As Christmas approaches many people begin to reminisce on what has happened over the past year as well as past holiday seasons. I am no different and recently have gotten into multiple conversations about what Christmas Day was like growing up and how that is different for the routines for this year. As kids, one of the most important things about Christmas was the gifts – we just couldn’t wait to see what new toy was under the tree. But as you grow up, the focus shifts away from the toys – even though there is still an element of excitement for what new gadget might be under the tree – and onto other things, such as time with family, a few days off of work, or just a little relaxation.
After dinner with a friend where we talked about our Christmas routines as kids and then for next Friday, I went home and was doing some analysis on customer loyalty. So that got me thinking about how in any relationship that lasts over time, there are going to be shifts in what is most important, even business relationships. So what does that mean for companies that collect feedback from customers?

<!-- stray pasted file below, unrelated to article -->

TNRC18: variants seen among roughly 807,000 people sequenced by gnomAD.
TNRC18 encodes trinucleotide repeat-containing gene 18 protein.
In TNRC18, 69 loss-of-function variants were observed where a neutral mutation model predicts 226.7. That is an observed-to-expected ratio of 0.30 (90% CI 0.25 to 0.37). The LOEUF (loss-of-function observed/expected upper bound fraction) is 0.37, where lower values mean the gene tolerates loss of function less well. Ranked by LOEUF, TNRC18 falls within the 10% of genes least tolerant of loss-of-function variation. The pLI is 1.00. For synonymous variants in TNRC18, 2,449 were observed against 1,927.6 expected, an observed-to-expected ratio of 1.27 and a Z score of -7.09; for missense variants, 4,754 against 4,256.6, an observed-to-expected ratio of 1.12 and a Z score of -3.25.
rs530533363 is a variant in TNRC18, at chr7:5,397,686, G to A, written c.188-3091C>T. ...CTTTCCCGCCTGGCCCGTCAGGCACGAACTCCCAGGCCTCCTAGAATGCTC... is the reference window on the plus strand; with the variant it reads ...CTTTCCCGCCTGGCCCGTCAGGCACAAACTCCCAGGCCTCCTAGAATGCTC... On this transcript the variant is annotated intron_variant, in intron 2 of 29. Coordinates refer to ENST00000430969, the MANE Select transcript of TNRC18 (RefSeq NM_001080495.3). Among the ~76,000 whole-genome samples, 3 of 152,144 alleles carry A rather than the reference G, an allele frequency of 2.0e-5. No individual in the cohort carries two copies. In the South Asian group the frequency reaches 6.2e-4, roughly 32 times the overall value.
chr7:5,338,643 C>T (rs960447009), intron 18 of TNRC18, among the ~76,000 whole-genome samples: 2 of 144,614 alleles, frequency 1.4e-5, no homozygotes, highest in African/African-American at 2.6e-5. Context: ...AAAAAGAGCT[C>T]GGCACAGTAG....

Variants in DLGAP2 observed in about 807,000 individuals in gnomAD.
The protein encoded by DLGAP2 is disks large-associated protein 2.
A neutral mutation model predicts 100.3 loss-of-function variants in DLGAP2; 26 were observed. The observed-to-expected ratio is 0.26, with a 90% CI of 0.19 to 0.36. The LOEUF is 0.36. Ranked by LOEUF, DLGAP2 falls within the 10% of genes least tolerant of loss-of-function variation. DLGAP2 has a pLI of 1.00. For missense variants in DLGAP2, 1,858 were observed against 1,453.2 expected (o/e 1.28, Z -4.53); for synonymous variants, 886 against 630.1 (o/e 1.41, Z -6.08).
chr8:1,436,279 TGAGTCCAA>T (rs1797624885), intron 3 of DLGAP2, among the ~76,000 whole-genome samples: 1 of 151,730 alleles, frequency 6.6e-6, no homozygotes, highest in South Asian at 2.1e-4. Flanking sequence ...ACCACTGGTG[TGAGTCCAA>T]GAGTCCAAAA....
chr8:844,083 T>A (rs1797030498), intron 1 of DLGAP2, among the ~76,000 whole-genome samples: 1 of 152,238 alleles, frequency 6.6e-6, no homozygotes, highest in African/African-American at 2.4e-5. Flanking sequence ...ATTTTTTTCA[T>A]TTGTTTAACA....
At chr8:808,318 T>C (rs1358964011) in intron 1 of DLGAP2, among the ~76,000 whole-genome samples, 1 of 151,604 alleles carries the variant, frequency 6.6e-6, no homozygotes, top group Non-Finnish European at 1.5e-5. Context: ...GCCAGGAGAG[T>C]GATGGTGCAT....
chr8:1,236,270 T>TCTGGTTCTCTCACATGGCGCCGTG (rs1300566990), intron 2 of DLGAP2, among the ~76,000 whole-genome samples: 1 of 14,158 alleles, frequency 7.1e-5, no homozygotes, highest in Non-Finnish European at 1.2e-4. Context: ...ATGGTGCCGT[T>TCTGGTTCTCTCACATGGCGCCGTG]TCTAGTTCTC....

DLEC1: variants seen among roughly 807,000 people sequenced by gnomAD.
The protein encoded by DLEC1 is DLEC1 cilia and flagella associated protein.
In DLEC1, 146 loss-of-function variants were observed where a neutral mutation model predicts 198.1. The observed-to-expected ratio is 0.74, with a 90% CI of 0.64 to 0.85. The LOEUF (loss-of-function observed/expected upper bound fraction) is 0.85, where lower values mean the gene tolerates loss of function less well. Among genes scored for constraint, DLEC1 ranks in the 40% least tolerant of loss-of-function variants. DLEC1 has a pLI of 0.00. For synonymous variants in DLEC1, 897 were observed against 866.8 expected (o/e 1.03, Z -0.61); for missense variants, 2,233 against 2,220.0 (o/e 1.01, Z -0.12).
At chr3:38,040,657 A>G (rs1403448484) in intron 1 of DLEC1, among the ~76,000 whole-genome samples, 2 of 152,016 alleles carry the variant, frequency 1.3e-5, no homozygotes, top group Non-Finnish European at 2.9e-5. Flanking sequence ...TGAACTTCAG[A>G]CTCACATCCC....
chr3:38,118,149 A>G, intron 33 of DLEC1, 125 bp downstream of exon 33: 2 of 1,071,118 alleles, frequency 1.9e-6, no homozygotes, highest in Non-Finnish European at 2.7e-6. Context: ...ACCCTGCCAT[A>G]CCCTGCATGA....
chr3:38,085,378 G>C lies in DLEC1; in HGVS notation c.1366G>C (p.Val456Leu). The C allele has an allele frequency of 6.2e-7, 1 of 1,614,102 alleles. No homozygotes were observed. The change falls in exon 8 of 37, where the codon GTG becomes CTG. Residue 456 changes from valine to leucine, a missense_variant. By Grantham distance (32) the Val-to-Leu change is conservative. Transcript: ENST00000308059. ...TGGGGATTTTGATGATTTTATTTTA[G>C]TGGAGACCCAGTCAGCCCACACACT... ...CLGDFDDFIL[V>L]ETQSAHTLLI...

A lot of companies solicit feedback in order to understand how to make their customers more loyal. After they have looked at the results they come up with a way to implement the drivers of loyalty in the customer experience, but they don’t factor in the fact that there are shifts in what is important to a customer. In fact, a lot of companies treat customers the same regardless of how long they have been working with the company.
Not surprisingly, research supports the idea that the drivers of customer loyalty differ when you segment the data by customer tenure. In the beginning of a relationship, customers tend to focus on satisfaction and price; however, as time goes on, trust as well as the relationship aspects (such as account teams, etc) become more important and have a greater impact on customer loyalty. This implies that depending on how new a customer is to your organization there may be different things that the account managers/contacts should be focusing on.
While this does not mean that you should never look at customer data in total, it does suggest that organizations should have a way to identify customer tenure and should use some time analyzing if there are differences between various customer tenures. The results may shed light on ways to improve relationships for different tenure classifications or help explain why changes impact customers differently.